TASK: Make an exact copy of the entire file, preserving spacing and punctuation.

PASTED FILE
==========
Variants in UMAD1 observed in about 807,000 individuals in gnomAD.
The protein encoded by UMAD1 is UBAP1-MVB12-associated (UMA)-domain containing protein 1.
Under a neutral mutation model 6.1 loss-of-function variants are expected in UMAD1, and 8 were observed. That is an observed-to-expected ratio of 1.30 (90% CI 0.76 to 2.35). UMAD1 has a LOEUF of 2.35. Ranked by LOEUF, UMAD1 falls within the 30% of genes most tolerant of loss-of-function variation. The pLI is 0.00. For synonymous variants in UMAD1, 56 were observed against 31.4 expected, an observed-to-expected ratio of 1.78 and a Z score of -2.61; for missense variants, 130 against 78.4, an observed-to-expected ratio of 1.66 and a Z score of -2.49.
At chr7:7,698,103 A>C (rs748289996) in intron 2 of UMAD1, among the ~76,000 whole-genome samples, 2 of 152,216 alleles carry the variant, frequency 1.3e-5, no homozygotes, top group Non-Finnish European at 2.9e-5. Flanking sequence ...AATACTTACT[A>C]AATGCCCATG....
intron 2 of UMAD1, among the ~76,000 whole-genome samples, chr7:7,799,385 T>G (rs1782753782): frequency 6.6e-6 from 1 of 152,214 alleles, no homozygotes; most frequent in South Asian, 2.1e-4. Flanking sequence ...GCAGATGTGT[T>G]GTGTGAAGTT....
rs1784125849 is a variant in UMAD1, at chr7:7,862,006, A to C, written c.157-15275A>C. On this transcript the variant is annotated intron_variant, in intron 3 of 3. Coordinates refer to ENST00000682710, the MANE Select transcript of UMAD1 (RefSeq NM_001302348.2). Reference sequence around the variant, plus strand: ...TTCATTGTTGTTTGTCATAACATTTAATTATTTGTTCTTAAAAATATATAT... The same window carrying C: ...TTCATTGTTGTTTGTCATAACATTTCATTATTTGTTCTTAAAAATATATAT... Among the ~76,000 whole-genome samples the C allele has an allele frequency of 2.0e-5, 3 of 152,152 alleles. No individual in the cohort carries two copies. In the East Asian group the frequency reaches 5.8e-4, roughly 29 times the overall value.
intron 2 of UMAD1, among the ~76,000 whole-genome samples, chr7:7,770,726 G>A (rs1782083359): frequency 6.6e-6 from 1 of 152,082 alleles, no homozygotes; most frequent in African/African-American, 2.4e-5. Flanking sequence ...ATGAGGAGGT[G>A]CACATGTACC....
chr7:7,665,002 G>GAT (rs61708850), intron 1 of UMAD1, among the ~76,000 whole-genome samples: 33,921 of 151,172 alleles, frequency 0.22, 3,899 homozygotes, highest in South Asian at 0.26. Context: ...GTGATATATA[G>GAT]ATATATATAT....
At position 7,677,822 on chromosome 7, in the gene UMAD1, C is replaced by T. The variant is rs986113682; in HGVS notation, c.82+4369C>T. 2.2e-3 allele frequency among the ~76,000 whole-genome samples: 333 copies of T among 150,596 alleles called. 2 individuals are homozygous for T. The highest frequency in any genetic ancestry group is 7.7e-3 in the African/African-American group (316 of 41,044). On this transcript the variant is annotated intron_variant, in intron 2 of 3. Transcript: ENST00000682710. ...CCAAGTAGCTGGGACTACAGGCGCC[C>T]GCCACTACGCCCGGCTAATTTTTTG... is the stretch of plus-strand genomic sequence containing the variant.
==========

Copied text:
Variants in UMAD1 observed in about 807,000 individuals in gnomAD.
The protein encoded by UMAD1 is UBAP1-MVB12-associated (UMA)-domain containing protein 1.
Under a neutral mutation model 6.1 loss-of-function variants are expected in UMAD1, and 8 were observed. That is an observed-to-expected ratio of 1.30 (90% CI 0.76 to 2.35). UMAD1 has a LOEUF of 2.35. Ranked by LOEUF, UMAD1 falls within the 30% of genes most tolerant of loss-of-function variation. The pLI is 0.00. For synonymous variants in UMAD1, 56 were observed against 31.4 expected, an observed-to-expected ratio of 1.78 and a Z score of -2.61; for missense variants, 130 against 78.4, an observed-to-expected ratio of 1.66 and a Z score of -2.49.
At chr7:7,698,103 A>C (rs748289996) in intron 2 of UMAD1, among the ~76,000 whole-genome samples, 2 of 152,216 alleles carry the variant, frequency 1.3e-5, no homozygotes, top group Non-Finnish European at 2.9e-5. Flanking sequence ...AATACTTACT[A>C]AATGCCCATG....
intron 2 of UMAD1, among the ~76,000 whole-genome samples, chr7:7,799,385 T>G (rs1782753782): frequency 6.6e-6 from 1 of 152,214 alleles, no homozygotes; most frequent in South Asian, 2.1e-4. Flanking sequence ...GCAGATGTGT[T>G]GTGTGAAGTT....
rs1784125849 is a variant in UMAD1, at chr7:7,862,006, A to C, written c.157-15275A>C. On this transcript the variant is annotated intron_variant, in intron 3 of 3. Coordinates refer to ENST00000682710, the MANE Select transcript of UMAD1 (RefSeq NM_001302348.2). Reference sequence around the variant, plus strand: ...TTCATTGTTGTTTGTCATAACATTTAATTATTTGTTCTTAAAAATATATAT... The same window carrying C: ...TTCATTGTTGTTTGTCATAACATTTCATTATTTGTTCTTAAAAATATATAT... Among the ~76,000 whole-genome samples the C allele has an allele frequency of 2.0e-5, 3 of 152,152 alleles. No individual in the cohort carries two copies. In the East Asian group the frequency reaches 5.8e-4, roughly 29 times the overall value.
intron 2 of UMAD1, among the ~76,000 whole-genome samples, chr7:7,770,726 G>A (rs1782083359): frequency 6.6e-6 from 1 of 152,082 alleles, no homozygotes; most frequent in African/African-American, 2.4e-5. Flanking sequence ...ATGAGGAGGT[G>A]CACATGTACC....
chr7:7,665,002 G>GAT (rs61708850), intron 1 of UMAD1, among the ~76,000 whole-genome samples: 33,921 of 151,172 alleles, frequency 0.22, 3,899 homozygotes, highest in South Asian at 0.26. Context: ...GTGATATATA[G>GAT]ATATATATAT....
At position 7,677,822 on chromosome 7, in the gene UMAD1, C is replaced by T. The variant is rs986113682; in HGVS notation, c.82+4369C>T. 2.2e-3 allele frequency among the ~76,000 whole-genome samples: 333 copies of T among 150,596 alleles called. 2 individuals are homozygous for T. The highest frequency in any genetic ancestry group is 7.7e-3 in the African/African-American group (316 of 41,044). On this transcript the variant is annotated intron_variant, in intron 2 of 3. Transcript: ENST00000682710. ...CCAAGTAGCTGGGACTACAGGCGCC[C>T]GCCACTACGCCCGGCTAATTTTTTG... is the stretch of plus-strand genomic sequence containing the variant.